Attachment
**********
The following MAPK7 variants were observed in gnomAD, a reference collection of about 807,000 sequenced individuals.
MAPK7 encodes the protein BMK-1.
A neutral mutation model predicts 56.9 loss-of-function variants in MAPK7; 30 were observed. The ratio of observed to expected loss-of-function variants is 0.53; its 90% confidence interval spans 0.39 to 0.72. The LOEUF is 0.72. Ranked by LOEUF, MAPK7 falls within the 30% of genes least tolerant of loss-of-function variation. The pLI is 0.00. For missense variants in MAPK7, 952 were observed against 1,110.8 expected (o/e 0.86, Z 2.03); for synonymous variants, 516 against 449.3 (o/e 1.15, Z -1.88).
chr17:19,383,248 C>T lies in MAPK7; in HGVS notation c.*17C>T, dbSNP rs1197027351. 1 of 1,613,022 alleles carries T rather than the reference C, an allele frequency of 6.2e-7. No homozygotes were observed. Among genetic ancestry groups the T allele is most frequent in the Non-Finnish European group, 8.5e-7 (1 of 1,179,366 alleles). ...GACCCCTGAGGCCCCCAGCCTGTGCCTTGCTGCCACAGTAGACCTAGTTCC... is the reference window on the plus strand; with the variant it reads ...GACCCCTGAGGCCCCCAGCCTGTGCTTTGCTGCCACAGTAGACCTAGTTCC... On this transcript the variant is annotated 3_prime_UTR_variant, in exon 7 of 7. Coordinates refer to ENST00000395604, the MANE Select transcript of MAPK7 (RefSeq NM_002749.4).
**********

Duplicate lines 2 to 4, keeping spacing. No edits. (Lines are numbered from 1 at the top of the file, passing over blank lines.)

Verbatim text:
MAPK7 encodes the protein BMK-1.
A neutral mutation model predicts 56.9 loss-of-function variants in MAPK7; 30 were observed. The ratio of observed to expected loss-of-function variants is 0.53; its 90% confidence interval spans 0.39 to 0.72. The LOEUF is 0.72. Ranked by LOEUF, MAPK7 falls within the 30% of genes least tolerant of loss-of-function variation. The pLI is 0.00. For missense variants in MAPK7, 952 were observed against 1,110.8 expected (o/e 0.86, Z 2.03); for synonymous variants, 516 against 449.3 (o/e 1.15, Z -1.88).
chr17:19,383,248 C>T lies in MAPK7; in HGVS notation c.*17C>T, dbSNP rs1197027351. 1 of 1,613,022 alleles carries T rather than the reference C, an allele frequency of 6.2e-7. No homozygotes were observed. Among genetic ancestry groups the T allele is most frequent in the Non-Finnish European group, 8.5e-7 (1 of 1,179,366 alleles). ...GACCCCTGAGGCCCCCAGCCTGTGCCTTGCTGCCACAGTAGACCTAGTTCC... is the reference window on the plus strand; with the variant it reads ...GACCCCTGAGGCCCCCAGCCTGTGCTTTGCTGCCACAGTAGACCTAGTTCC... On this transcript the variant is annotated 3_prime_UTR_variant, in exon 7 of 7. Coordinates refer to ENST00000395604, the MANE Select transcript of MAPK7 (RefSeq NM_002749.4).